The Urban Etiquette Project

Just in time for National Etiquette Week (May 7-11), I am pleased to unveil The Urban Etiquette Project.

After the fantastic reception of the Toronto Etiquette Project last December, I decided to relaunch the project with a few revisions and some exciting additions.

In case you missed it last year, here's a quick recap:
  • On December 1, 2011, I launched a personal side project called the Toronto Etiquette Project (you can read the full rationale here). My objective was simple: to start a conversation about public etiquette in Canada's largest city. And did it ever.
  • The cards and blog went viral after only one week, receiving 10,000+ page views and 1300+ downloads, and national press coverage: television (CTV National News, Global News Toronto, CP24), radio (CBC Radio 1), newsprint (Toronto Star) and web (Huffington Post/Canadian Press, BlogTO). The highlight for me was an interview on CBC Radio's Morning Edition in my home province of Saskatchewan (I even got to give a shout-out to my grandparents!) The response was unexpected, overwhelming, but very encouraging. Apparently, I had struck a nerve with Canadians.
  • I also got numerous emails from strangers all over the country; people who took the time to send me their congratulations, praise, and offer excellent suggestions on how to expand the project.

And that brings us to today.

I have taken all of the feedback into consideration and revamped the project. Here's what's new:
  • My biggest request from Canadians was for city-specific cards. While my initial focus was improving etiquette in Toronto, it's true that every city could use an etiquette review. And since there are just too many cities to cover, the Toronto Etiquette Project has evolved into the more generic Urban Etiquette Project. (I can hear the question already: "What about a 'Rural Etiquette Project'...?")
  • I also had requests from people in Quebec and French-speaking communities for French language cards. So, with a little extra effort — and the help of my AMAZING friend and translator Lucie — the cards are now also available in French. Je présente Le Projet D'Étiquette Urbaine.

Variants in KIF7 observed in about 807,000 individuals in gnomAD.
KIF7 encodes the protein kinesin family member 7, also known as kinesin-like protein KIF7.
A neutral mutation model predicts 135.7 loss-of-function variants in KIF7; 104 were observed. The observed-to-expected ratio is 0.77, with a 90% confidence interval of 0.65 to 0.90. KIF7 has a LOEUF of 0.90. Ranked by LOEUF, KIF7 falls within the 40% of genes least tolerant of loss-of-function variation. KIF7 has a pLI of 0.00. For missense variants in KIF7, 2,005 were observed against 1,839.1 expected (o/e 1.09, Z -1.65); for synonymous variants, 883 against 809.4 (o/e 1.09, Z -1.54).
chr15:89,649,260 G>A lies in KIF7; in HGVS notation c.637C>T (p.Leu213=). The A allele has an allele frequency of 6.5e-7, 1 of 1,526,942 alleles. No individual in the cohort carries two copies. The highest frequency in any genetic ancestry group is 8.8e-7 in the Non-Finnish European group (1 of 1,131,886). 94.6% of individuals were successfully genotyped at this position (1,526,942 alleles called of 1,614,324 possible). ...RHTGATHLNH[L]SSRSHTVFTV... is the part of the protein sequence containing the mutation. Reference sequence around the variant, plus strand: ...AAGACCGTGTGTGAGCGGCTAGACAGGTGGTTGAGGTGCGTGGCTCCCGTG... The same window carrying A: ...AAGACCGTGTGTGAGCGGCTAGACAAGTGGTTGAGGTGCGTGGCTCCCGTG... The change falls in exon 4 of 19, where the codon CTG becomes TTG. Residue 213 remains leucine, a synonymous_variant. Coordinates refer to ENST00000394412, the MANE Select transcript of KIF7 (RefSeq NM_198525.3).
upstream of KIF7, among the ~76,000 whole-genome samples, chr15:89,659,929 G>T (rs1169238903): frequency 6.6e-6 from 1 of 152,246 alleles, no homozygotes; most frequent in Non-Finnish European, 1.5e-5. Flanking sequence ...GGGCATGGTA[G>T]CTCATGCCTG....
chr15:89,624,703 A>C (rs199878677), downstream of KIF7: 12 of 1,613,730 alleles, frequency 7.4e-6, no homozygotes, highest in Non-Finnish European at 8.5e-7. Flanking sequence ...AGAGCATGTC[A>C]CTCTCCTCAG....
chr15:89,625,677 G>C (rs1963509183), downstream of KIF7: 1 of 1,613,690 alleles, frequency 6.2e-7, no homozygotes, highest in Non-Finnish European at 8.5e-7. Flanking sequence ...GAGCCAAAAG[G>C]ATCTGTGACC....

• The other most common bit of feedback was, "Well, these cards seem to only point out BAD behaviour. What about something to publicly acknowledge GOOD behaviour?" My response: Yes! You will now see included in your Etiquette package a full set of positive etiquette "star" cards. There are 5 cards with friendly behaviours to choose from, as well as 5 blank cards to fill in yourself. See someone doing something good? Thank them, pay it forward, do something good for someone else.

Here they are (you can view larger versions on the companion site, or click on the images to download the PDF):

Et, en français:

Here are a few shots of the printed versions:

I kept a detailed spreadsheet of all the great, valid suggestions that were people generously offered me, but sadly, not all of them could be addressed in this new version of the cards. For the sake of interest, here are the top 5 requests that couldn't be incorporated for this set, and a bit of my reasoning:

1) Cyclists cards: As I mentioned in an earlier blog post, it seemed impractical to create a Cyclist card because of how difficult (and not to mention dangerous) it could be to interact with a cyclist on the road. It is very important for me to stress that these are not "leave-behind" cards — they are meant to start a polite, friendly conversation about etiquette and public behaviour. If someone is riding a bike, I'd prefer if you didn't distract them and risk anyone's safety.